Wheeling Played a Major Role in the Minor Battle of New Market
This article is part of an occasional series on the Civil War sesquicentennial provided by members of the Wheeling Civil War 150 Committee.
May of 1864 was quite eventful for many Wheeling soldiers who were involved in the Battle of New Market, in eastern Virginia. Although not considered a major battle of the war, it was significant for Wheeling because both the 1st West Virginia Infantry and Carlin’s Battery were involved. This battle included the cadet corps of VMI, which had an infantry battalion of 247 cadets and a two-gun artillery section.
The battle was part of Ulysses S. Grant’s strategy to control the strategically important and agriculturally rich Shenandoah Valley. Union forces were led by Maj. Gen. Franz Sigel; Maj. Gen. John C. Breckinridge led the Confederates. The May 15 battle was a Confederate victory, and the Union general, Sigel, was subsequently removed from his command.
A report written by one of the members of Carlin’s Battery described some of the events. “On the evening of the 14th we heard brisk cannonading towards New Market. That night we got orders to march. At 4 o’clock, a.m. we could see the smoke of the artillery; waited about half an hour, and got orders to go to the front. The enemy was pushing Sigel hard … Our lines were giving way; we awaited the rebels approach; for a few moments all firing ceased; then we heard a loud shout, and we knew they were coming; soon they made their appearance in long black lines. We opened at good range, but on they came as if on dress parade; shell and canister flew through them, but on they came.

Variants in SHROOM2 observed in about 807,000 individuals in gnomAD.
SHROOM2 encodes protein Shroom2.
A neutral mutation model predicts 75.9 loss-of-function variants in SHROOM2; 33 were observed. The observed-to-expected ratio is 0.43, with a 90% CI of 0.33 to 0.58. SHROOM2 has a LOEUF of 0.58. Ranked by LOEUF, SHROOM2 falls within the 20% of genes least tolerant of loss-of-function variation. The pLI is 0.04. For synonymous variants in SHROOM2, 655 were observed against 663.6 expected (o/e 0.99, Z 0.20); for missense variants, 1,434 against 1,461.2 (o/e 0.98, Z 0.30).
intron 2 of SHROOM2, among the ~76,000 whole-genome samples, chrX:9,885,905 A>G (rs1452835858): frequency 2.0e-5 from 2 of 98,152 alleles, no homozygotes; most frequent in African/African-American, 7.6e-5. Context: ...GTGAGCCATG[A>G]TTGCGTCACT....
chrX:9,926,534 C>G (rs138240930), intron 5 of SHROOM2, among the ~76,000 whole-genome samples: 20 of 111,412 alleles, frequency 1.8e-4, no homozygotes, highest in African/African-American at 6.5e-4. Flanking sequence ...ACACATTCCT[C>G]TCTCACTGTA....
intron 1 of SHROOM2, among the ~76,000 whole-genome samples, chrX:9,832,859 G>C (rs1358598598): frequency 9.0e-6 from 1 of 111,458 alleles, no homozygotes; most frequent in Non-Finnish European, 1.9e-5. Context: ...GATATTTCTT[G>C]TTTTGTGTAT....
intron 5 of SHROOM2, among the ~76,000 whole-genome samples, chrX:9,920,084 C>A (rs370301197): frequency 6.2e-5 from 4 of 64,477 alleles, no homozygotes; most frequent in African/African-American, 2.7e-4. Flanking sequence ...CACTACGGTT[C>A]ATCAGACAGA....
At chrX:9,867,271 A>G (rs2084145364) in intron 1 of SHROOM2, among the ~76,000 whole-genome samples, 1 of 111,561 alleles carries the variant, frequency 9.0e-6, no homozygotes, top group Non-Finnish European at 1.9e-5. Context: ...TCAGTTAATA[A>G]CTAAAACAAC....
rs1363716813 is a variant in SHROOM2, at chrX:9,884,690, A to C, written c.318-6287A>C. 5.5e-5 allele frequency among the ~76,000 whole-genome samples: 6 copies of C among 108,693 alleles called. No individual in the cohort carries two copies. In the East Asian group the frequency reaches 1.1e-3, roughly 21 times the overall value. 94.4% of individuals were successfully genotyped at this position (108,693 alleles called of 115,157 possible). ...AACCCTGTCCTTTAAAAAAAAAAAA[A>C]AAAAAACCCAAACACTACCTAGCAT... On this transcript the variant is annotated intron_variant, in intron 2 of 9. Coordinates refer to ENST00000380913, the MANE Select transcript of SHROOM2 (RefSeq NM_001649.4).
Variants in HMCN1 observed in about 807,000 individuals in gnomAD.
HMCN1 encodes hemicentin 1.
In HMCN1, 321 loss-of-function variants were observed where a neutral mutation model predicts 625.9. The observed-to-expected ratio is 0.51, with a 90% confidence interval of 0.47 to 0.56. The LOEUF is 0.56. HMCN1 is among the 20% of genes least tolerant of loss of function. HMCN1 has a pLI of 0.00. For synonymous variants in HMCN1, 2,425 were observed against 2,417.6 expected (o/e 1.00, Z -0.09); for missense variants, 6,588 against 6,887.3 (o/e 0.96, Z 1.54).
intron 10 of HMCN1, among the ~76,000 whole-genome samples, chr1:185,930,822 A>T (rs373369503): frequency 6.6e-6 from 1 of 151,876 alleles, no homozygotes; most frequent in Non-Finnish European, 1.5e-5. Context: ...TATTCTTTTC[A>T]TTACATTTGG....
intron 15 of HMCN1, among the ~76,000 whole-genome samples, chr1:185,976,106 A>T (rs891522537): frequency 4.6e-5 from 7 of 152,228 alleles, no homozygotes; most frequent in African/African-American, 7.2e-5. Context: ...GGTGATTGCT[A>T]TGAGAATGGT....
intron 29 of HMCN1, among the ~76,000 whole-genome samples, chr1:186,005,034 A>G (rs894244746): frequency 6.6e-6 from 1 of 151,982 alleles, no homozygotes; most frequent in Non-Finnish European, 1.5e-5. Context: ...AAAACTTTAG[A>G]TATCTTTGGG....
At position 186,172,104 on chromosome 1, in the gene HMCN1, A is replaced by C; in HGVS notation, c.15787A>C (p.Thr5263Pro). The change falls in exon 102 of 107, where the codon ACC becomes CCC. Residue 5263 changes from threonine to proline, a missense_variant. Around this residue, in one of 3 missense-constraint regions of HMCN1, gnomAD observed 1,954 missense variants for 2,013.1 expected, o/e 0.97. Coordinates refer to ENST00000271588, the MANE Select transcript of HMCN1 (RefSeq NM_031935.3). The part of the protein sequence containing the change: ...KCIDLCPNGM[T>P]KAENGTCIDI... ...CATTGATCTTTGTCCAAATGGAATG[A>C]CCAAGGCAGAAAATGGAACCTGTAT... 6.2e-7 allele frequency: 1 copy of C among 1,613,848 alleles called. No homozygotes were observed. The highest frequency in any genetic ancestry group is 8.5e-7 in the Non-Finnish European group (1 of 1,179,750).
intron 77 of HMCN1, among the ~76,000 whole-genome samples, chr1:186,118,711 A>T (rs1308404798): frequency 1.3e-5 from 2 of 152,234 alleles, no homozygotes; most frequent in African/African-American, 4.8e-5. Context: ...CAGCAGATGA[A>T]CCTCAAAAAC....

“I cannot describe to you the scene, but it was awful; 10 pieces pouring canister into them at 150 yards and not moving them … The First [West] Virginia is the only regiment that charged; they alone could do nothing but fall, which many of them did. We [Carlin’s Battery] were ordered to limber to the rear, but before we could do so the rebel line in front of us raised and killed two horses on one of our pieces.
Before we could get new horses they were too close, and we were compelled to lighten and leave it … We then started, and down went three horses in our other piece. On they came, and this had to be abandoned, and down went three men who belonged to it: Geo. Bottles, a man from the Belmont Mills, shot through the left breast; Dan Morrison, shot through the body … W. Johnson fell here, and was run over with a gun, but the ground was soft, and he was not badly hurt.”
A letter written to The Wheeling Intelligencer three days after the battle stated, “Major E[dward] W. Stephens commanded our Regiment and to his coolness, caution and military skill is owing to a great extent the success of the day’s operations. In the hand of a less capable man all would have been lost … Our color Sergt., Wm. M. Ross, of Co. C, carried the old flag through the battle, and although the banner is riddled and torn with shot and shell, not a bullet touched the bearer.” Col. Joseph Thoburn was also praised for his action.